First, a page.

Britain is in the first stages of a profound and potentially dangerous upheaval, of which the current spat with the EU is just one element. You—we—have been warned.
UK Prime Minister Boris Johnson does not have any particular animus toward foreigners. He has betrayed pretty well everyone in his various lives as philanderer, journalist,
and politician: wives, mistresses, editors, readers, party colleagues, Parliament, and the wider public. EU negotiators are merely the latest victims of his boundless treachery.
Nor should his latest initiative come as a great surprise. On September 14–22, the House of Commons is debating an internal market bill that government ministers accept will breach international law.
If it becomes law, it will allow Britain to ignore key provisions in the withdrawal agreement that it agreed with the EU less than a year ago, in January 2020.
This is not the first time the prime minister has tried to wriggle out of commitments he made during the winter of 2019–2020.
In April, UK ministers told the EU they wanted to water down Britain’s commitment to geographical indications (GIs)—rules that protect the names and regional origins of products ranging from champagne to Parma ham.
In the withdrawal agreement, the UK agreed to continue to observe all 3,000 GIs in the EU. Now, it wants to reopen an issue that the EU believed was settled.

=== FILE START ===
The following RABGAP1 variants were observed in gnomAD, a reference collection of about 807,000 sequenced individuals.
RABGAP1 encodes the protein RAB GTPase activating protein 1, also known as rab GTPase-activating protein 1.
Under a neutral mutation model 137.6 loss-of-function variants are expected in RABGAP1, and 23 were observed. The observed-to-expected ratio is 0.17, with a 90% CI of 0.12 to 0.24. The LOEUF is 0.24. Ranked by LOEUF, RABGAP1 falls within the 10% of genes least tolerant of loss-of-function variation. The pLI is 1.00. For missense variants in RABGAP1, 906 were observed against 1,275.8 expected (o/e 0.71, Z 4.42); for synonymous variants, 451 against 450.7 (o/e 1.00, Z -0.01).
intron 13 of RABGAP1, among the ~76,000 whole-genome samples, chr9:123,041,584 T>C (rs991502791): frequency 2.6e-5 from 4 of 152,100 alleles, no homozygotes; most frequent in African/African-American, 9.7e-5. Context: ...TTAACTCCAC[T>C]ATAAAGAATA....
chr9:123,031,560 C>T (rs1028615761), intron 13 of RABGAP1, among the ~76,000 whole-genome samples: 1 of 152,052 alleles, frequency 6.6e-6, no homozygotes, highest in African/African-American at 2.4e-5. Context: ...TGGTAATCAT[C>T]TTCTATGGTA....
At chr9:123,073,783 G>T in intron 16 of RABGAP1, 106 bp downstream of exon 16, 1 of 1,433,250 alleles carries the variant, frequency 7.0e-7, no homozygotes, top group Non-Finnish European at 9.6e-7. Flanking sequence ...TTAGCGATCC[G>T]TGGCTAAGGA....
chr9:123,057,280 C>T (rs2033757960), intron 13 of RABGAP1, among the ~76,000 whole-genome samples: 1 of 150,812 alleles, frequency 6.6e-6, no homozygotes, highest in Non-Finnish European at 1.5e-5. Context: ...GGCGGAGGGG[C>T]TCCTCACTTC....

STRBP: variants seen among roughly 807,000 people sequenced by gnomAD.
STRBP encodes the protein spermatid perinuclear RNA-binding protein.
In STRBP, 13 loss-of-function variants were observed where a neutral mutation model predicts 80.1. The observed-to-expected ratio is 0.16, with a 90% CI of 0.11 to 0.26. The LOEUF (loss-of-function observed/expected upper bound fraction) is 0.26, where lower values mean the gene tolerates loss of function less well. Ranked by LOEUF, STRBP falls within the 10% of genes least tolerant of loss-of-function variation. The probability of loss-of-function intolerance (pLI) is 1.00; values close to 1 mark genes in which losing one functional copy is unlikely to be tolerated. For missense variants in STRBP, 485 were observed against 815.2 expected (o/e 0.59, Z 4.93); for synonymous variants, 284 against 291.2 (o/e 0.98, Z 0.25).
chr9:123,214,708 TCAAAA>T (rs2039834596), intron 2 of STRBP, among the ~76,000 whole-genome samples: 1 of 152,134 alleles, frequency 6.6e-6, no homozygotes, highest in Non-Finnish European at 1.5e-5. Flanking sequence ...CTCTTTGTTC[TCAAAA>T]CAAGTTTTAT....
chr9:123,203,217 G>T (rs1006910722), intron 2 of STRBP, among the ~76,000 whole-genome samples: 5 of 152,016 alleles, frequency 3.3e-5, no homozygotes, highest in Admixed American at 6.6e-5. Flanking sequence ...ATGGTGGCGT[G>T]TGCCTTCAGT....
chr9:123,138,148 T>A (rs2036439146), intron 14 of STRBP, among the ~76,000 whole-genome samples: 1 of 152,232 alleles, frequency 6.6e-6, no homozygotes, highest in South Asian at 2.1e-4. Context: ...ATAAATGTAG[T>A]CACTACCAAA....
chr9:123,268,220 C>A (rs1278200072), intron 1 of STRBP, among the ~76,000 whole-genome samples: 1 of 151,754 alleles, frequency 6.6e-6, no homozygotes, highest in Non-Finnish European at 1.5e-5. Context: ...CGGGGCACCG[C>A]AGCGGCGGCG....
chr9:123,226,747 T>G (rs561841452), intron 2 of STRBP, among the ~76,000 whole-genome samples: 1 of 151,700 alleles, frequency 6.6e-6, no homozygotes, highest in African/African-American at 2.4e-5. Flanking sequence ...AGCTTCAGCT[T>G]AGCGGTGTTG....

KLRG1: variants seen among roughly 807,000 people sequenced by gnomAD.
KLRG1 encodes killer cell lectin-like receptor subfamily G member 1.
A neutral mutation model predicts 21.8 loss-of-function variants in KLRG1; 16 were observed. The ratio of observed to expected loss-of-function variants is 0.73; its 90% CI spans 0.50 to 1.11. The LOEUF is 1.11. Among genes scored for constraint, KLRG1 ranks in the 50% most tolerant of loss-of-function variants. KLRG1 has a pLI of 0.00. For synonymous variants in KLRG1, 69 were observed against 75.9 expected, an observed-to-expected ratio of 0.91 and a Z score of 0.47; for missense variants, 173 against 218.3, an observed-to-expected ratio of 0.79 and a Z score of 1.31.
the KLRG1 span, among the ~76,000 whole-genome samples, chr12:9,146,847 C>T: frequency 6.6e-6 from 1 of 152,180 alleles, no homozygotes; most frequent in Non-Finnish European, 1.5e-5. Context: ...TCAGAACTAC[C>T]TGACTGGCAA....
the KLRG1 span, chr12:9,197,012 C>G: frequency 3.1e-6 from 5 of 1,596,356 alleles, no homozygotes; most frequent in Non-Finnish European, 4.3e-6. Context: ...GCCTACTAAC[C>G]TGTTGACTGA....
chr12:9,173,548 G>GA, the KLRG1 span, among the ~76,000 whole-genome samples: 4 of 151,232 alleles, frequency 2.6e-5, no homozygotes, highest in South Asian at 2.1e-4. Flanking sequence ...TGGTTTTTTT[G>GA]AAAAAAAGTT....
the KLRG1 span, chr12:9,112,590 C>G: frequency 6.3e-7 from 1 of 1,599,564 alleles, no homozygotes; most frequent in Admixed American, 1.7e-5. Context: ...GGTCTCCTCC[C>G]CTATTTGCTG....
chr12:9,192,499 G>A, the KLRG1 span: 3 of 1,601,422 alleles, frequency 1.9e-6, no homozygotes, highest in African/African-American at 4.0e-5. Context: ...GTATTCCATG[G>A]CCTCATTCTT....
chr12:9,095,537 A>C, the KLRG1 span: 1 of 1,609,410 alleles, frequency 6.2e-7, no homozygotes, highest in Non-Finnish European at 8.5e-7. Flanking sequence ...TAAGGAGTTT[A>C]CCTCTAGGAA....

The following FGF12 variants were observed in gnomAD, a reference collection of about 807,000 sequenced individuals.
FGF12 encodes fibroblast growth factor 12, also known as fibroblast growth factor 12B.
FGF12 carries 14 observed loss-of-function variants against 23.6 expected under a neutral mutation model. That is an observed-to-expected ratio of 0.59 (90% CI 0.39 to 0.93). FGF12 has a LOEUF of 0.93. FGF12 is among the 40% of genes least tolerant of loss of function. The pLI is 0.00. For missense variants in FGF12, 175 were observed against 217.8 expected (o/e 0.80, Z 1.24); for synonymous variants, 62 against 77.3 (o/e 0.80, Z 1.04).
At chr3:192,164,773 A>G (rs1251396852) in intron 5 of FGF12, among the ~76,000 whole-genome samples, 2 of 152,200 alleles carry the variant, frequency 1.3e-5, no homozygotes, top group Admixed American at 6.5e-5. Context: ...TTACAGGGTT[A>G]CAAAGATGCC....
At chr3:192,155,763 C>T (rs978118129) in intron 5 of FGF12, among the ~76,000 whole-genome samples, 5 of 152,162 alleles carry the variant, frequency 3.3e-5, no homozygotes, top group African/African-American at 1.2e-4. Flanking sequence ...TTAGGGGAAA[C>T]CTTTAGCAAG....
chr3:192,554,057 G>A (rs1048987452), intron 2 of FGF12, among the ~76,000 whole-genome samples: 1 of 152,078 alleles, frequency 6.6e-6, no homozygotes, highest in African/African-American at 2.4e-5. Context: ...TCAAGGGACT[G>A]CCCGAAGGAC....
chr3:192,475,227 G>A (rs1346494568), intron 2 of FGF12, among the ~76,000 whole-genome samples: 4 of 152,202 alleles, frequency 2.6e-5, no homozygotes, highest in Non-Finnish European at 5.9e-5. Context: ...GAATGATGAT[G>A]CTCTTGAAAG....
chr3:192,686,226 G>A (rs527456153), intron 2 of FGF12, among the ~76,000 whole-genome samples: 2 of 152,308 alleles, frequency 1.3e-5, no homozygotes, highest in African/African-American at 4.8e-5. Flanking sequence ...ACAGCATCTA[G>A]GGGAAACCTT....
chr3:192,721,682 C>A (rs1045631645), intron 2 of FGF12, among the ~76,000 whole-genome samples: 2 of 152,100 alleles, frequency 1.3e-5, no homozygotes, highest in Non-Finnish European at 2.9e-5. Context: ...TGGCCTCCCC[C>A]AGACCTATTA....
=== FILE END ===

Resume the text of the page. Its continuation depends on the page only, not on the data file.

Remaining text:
The never-ending contest between tradition and reform has provided the central tension at the heart of British politics for two centuries.
No longer. Not only does Johnson lack respect for almost everyone who enters his life; he lacks respect for the traditions which, until now, have dominated the outlook of his party. Instead, he is a revolutionary insurgent, far closer in political style to Vladimir Lenin than to Winston Churchill.
Naturally, he does not put it that way himself, but Dominic Cummings, his senior adviser and the architect of his political strategy, does. Earlier this year, a long analysis of Cummings’s career by a respected BBC journalist reported the influence of Lenin and, in particular, Lenin’s view that “you cannot make a revolution in white gloves.”
To take just one example, Cummings explicitly wants to convert the UK civil service from a repository of wisdom and experience into a battering ram for radical change.
In June, he told officials that a “hard rain is coming” for Britain’s mandarin class.
Already, six permanent secretaries—the top rank of Britain’s civil servants—have been sacked or forced to resign, essentially for political reasons, defying the basic deal that officials should be politically neutral and that, in return, their independence and neutrality should be expected.
In recent times, Johnson and Cummings have also targeted the BBC, the judiciary, and virtually anyone who opposes Brexit. The EU is in eminent company.
True, a growing minority of Conservatives fear that this will all end in tears. In the past few days, Johnson has fallen out with three former party leaders: Theresa May, Michael Howard, and John Major